The concept of action is playing an increasingly prominent role in attempts to explain how subjects can represent the world. The idea is that at least some of the role traditionally assigned to internal representations can, in fact, be played by the ability of subjects to act on the world, and the exercise of that ability on appropriate occasions. This paper argues that the appeal to action faces a serious dilemma. If the concept of action employed is a representational one, (...) then the appeal to action is circular: representation has been presupposed rather than explained. However, if the concept of action employed is a non-representational one, then the appeal to action will be inadequate: in particular, the appeal will fail to account for the normativity of representation. The way out of this dilemma is to develop a conception of action that is normative, but where this normativity is not inherited from the action's connection to distinct representational states. The normative status of such actions would be sui generis. This paper argues that such a conception of action is available. (shrink)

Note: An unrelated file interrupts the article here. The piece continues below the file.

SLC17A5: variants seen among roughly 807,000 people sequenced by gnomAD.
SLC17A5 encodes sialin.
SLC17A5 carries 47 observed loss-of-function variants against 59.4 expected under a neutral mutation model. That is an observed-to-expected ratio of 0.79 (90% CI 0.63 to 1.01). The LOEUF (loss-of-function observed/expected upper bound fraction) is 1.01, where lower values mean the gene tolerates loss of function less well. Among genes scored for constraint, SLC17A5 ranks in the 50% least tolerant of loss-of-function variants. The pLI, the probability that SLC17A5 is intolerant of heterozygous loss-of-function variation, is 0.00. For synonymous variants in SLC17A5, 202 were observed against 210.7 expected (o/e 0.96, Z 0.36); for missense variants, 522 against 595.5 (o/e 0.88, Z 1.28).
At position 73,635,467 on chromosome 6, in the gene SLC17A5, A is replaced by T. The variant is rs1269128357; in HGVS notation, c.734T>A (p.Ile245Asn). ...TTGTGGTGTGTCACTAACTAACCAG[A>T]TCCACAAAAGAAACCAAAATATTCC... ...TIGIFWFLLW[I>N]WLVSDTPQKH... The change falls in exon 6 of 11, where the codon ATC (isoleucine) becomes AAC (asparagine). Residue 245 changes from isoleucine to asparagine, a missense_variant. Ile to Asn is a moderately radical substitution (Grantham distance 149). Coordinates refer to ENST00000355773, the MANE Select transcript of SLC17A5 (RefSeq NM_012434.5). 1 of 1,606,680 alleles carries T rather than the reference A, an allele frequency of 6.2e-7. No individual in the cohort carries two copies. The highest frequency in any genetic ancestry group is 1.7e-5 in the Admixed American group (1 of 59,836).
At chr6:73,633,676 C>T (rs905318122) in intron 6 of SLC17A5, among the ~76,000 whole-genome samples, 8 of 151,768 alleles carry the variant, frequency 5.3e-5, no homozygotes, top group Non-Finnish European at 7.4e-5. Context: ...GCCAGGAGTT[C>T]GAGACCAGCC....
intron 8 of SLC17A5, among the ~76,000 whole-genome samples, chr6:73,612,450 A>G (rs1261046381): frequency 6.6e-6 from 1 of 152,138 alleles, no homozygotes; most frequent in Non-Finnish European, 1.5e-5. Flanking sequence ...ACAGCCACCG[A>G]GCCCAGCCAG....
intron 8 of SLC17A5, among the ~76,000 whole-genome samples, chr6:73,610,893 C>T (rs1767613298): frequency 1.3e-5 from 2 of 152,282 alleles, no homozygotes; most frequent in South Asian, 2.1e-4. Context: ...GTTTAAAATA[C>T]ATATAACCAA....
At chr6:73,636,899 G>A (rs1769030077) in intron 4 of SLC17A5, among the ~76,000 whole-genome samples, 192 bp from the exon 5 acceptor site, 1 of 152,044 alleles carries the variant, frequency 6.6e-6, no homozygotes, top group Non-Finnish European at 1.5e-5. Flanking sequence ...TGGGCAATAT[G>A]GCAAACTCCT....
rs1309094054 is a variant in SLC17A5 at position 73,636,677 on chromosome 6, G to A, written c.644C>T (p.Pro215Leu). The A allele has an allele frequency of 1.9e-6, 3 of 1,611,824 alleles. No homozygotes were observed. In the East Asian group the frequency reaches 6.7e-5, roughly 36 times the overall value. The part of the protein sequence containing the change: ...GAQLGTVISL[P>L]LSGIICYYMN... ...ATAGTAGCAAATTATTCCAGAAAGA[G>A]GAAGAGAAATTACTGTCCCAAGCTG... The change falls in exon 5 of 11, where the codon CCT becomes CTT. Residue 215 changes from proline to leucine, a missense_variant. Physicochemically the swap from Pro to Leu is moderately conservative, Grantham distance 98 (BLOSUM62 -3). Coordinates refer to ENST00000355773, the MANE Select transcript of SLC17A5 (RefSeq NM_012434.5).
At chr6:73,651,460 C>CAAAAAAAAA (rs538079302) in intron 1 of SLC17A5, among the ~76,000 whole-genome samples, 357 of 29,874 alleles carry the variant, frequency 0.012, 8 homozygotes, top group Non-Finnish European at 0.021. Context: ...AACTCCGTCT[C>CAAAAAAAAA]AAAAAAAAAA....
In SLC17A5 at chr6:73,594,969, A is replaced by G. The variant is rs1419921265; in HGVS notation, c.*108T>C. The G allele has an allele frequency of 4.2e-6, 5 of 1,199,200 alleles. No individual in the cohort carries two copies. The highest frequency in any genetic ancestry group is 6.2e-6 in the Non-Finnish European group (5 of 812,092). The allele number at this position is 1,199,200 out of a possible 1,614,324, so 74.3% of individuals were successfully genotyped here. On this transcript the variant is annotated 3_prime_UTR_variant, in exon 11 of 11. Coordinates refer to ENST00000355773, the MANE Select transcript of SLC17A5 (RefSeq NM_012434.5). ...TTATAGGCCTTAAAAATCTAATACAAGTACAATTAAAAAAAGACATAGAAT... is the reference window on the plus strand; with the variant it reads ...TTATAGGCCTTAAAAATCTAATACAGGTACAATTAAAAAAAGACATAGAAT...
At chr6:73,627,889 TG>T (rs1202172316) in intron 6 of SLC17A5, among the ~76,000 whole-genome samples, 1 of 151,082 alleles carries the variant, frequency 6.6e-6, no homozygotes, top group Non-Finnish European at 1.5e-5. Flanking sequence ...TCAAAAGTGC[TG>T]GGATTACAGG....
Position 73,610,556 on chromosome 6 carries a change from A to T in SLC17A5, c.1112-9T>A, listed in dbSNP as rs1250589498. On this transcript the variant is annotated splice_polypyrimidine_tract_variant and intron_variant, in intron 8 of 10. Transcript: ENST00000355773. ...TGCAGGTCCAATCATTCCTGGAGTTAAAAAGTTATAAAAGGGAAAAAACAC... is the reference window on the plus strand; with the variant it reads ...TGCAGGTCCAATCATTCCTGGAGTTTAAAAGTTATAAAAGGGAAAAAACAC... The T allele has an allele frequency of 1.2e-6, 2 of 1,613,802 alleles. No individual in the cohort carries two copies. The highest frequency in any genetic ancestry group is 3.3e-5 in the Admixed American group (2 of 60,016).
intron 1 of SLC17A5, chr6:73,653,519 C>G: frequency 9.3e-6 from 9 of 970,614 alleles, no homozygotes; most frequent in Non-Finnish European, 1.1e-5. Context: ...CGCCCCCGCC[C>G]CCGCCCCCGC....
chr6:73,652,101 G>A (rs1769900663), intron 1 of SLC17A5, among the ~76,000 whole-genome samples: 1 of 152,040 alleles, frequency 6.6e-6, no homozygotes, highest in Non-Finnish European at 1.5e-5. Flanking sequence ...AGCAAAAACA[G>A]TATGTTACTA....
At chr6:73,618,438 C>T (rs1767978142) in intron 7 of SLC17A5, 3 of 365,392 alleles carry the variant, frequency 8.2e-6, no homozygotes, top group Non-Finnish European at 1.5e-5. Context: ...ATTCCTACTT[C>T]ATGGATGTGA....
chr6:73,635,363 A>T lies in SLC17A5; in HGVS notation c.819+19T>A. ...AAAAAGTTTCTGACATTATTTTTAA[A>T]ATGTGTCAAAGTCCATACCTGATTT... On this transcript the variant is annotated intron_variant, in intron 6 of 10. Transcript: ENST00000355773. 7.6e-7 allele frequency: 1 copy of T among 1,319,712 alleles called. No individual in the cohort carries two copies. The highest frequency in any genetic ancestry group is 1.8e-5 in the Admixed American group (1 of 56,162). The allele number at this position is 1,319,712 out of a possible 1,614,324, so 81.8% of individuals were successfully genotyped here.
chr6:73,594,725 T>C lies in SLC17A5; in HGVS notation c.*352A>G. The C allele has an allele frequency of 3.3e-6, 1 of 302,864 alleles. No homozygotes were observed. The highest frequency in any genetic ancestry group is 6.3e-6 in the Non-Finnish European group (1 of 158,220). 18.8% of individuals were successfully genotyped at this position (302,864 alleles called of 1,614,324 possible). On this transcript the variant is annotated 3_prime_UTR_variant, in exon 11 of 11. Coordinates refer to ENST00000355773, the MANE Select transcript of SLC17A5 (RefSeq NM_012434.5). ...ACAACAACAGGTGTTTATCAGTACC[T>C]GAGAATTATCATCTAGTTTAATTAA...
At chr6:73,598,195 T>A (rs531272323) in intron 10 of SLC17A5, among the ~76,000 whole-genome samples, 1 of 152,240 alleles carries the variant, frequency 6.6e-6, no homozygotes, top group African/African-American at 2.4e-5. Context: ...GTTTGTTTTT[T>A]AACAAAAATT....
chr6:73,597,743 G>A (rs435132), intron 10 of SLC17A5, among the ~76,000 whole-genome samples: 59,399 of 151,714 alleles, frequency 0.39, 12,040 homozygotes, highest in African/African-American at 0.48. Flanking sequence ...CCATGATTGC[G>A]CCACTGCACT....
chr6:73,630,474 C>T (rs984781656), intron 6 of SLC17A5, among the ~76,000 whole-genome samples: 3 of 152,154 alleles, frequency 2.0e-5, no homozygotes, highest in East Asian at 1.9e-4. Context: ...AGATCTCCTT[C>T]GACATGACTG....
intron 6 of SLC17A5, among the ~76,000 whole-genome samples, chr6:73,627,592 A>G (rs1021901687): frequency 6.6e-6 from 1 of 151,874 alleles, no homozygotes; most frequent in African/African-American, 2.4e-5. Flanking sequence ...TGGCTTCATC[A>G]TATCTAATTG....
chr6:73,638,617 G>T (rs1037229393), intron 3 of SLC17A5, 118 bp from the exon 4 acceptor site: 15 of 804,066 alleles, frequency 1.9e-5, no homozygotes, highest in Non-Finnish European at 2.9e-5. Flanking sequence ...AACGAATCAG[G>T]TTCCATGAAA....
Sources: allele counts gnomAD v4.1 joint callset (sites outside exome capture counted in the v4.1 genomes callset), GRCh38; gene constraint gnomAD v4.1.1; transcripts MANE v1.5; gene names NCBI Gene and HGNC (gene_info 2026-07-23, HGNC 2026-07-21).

This paper aims to offer an alternative to the existing philosophical theories of self-deception. It describes and motivates a teleofunctional theory that models self-deception on the subintentional deceptions perpetrated by non-human organisms. Existing theories of self-deception generate paradoxes, are empirically implausible, or fail to account for the distinction between self-deception and other kinds of motivated irrationality. Deception is not a uniquely human phenomenon: biologists have found that many non-human organisms deceive and are deceived. A close analysis of the pollination strategy (...) of the mirror orchid (Ophrys speculum) provides the basis for an analysis of non-human deception as subintentionally purposive. This teleofunctional analysis is then used as the basis for a theory of self-deception that accounts for its normative and purposive features without defaulting to intentionalism. The teleofunctional theory accounts for distinction between self-deception and phenomena such as wishful thinking in an empirically plausible manner. Three objections to the theory are considered and rejected. (shrink)